Last month, we hosted the inaugural sARTorial: where digital art meets fashion, sound and technology. It was the result of just six week's preparation and collaboration between artists of varied disciplines; one of which was that between Gold Coast based practitioners, Erica Gray and Jake Hempson.
Erica Gray came on board as ambassador for the event, throwing her weight as an award-winning wearable art designer behind this fusion of fashion and tech. She presented us first with her piece Infinity, a personal representation of what she imagines as internet 'data being stored, backlogged and rewritten into wriggly, twisted thick black data cables and plastic antennae.'
As the weeks wore on, Erica sought to add another layer to two brand new designs she made specifically for debut at sARTorial - LUX OPERON. This layer would not be one of fabric or 3D printed material, but rather that of a reality augmented. Cue Jake Hempson digital character artist, creature designer and animator.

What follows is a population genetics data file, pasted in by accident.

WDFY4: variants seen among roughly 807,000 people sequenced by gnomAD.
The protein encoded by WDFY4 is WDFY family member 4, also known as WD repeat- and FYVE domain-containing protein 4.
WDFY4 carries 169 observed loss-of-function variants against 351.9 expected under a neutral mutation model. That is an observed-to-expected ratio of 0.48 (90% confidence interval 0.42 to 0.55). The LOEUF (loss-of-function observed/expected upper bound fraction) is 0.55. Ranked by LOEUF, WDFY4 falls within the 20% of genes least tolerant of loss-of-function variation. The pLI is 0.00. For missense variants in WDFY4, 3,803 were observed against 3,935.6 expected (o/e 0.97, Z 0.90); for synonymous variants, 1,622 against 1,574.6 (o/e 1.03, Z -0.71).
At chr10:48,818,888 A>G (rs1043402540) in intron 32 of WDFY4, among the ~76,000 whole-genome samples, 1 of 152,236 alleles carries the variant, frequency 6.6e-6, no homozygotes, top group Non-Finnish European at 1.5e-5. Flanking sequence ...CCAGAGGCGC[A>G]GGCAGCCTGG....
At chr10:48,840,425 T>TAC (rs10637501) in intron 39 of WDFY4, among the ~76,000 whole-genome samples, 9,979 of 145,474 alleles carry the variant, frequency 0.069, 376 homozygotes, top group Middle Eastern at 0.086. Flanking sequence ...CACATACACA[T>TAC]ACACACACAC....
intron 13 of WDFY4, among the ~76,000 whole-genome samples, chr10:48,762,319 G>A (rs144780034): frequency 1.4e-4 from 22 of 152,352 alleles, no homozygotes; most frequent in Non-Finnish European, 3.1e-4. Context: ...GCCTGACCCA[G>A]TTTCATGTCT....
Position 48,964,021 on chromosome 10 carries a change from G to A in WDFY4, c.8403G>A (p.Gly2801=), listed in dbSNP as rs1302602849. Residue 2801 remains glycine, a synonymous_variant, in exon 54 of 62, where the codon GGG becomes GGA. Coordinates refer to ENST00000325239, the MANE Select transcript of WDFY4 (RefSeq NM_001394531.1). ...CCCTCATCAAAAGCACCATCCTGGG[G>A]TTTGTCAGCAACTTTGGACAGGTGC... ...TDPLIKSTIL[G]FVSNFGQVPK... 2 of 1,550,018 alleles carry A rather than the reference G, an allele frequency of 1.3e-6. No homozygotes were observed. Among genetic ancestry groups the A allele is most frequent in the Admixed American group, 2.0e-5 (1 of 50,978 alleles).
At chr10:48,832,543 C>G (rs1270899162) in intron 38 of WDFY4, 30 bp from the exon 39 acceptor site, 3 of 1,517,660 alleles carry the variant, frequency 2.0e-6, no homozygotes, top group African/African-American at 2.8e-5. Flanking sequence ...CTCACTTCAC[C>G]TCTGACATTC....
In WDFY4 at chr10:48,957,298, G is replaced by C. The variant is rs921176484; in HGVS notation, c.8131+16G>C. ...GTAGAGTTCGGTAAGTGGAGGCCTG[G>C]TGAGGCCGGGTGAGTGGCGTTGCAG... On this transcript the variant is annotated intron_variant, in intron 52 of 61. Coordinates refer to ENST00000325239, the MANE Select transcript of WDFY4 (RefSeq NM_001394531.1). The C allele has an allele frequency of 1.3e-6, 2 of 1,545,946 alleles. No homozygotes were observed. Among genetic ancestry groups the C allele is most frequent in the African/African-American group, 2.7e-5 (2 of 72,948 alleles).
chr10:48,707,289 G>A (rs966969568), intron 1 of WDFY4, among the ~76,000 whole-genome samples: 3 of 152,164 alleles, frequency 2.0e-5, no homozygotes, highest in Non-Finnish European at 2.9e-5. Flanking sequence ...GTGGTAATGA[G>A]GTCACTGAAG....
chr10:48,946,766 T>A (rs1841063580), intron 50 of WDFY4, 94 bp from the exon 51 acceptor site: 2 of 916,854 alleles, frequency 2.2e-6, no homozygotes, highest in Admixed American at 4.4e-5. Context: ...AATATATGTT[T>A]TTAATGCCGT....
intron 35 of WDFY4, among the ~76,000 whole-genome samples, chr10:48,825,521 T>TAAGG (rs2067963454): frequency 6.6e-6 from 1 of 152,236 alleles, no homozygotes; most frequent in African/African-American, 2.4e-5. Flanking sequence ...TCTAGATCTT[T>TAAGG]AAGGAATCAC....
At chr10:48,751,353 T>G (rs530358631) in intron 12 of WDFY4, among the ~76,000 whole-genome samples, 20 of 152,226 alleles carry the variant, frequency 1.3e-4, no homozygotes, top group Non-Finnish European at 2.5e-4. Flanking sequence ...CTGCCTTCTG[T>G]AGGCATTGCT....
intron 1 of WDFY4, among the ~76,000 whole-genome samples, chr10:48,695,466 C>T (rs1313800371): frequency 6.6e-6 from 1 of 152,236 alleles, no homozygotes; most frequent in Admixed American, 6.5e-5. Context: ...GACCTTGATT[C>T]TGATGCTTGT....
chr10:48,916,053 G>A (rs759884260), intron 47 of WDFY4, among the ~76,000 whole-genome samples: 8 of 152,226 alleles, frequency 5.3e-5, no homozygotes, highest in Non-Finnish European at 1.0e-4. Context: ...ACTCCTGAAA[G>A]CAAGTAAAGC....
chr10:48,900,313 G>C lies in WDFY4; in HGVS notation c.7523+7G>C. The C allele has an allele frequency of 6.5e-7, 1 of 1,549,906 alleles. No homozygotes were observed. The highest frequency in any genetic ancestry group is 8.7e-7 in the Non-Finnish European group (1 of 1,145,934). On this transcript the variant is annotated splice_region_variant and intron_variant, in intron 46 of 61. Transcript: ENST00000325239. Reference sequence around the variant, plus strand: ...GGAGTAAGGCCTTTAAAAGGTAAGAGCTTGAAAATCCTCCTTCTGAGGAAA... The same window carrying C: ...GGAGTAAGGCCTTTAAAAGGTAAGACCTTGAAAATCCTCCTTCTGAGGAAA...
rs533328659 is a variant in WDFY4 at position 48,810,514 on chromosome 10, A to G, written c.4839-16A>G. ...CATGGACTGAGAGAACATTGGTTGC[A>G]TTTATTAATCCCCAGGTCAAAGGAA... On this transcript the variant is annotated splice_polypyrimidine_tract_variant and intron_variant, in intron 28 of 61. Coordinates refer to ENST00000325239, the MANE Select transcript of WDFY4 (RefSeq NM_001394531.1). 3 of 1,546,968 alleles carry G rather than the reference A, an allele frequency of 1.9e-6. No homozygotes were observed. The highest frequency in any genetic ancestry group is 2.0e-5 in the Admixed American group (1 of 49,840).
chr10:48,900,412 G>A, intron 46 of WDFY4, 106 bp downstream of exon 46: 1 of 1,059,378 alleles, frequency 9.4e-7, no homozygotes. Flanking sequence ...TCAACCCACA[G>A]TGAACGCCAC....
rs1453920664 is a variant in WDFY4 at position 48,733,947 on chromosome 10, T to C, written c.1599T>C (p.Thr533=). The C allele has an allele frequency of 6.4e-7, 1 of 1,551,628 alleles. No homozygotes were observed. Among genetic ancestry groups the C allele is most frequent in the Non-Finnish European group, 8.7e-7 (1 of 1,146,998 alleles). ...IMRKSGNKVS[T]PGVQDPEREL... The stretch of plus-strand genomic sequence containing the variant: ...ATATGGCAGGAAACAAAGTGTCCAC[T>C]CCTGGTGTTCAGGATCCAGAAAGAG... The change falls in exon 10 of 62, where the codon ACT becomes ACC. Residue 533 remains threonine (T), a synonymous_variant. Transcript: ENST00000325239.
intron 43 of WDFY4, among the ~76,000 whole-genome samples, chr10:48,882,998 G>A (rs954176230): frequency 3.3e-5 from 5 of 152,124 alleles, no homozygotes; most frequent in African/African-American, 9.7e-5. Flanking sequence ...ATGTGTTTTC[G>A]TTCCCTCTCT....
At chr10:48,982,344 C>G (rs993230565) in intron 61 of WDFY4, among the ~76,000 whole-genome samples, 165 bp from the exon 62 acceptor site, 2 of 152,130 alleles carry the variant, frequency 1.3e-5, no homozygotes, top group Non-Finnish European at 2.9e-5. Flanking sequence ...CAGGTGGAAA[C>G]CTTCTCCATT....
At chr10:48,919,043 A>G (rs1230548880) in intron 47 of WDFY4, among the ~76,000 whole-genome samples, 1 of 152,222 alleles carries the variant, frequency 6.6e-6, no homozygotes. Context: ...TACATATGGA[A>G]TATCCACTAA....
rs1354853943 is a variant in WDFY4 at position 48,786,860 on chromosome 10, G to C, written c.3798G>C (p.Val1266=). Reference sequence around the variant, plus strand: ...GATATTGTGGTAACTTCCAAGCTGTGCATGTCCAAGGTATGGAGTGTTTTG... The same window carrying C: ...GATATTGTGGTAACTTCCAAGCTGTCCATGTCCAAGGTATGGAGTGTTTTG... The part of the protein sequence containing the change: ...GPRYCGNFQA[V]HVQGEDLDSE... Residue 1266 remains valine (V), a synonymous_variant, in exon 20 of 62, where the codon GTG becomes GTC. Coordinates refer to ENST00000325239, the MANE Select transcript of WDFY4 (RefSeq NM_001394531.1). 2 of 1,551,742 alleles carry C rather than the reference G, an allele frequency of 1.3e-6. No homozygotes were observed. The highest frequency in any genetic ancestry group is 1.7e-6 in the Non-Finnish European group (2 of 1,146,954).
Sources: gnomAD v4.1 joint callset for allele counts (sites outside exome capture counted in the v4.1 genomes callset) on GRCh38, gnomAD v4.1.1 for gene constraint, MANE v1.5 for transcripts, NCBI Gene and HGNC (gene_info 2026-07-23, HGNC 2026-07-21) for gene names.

Erica describes LUX OPERON thusly:
'Lux Operon represents the duality of visual expression observed in one form or another by an array of living creatures, be they some form of marine animals, or be they a form of bacteria, or be they an imagined entity within ourselves, they have the enviable ability to produce bio luminescence as a reaction to their environment. As humans we need technology, our own form of luminescence, to utilise and enhance our clothing, our accessories, our immediate environment…'
It was from this look and feel that Jake created his 3D models that would be viewed through augmented reality app Aurasma, providing audiences with more pieces to the LUX OPERON puzzle and unlocking a third-eye of imagination and possibility.
Erica recently reflected on her and Jake's partnership:
'In September, Jake Hempson and I displayed our collaborative installation piece LUX OPERON at sARTorial: a Fashion meets technology event through DLUX. I designed and produced the 3D wearables and Jake designed and produced the 3D digital elements. It was the first time collaborating on a project for me and it was a great experience all round. The ephemeral quality of Augmented Reality over solid sculptural forms intrigues me and as applications become more user friendly, I see (AR) use becoming second nature as a means of displaying layered content to artwork, sculptures and wearables.'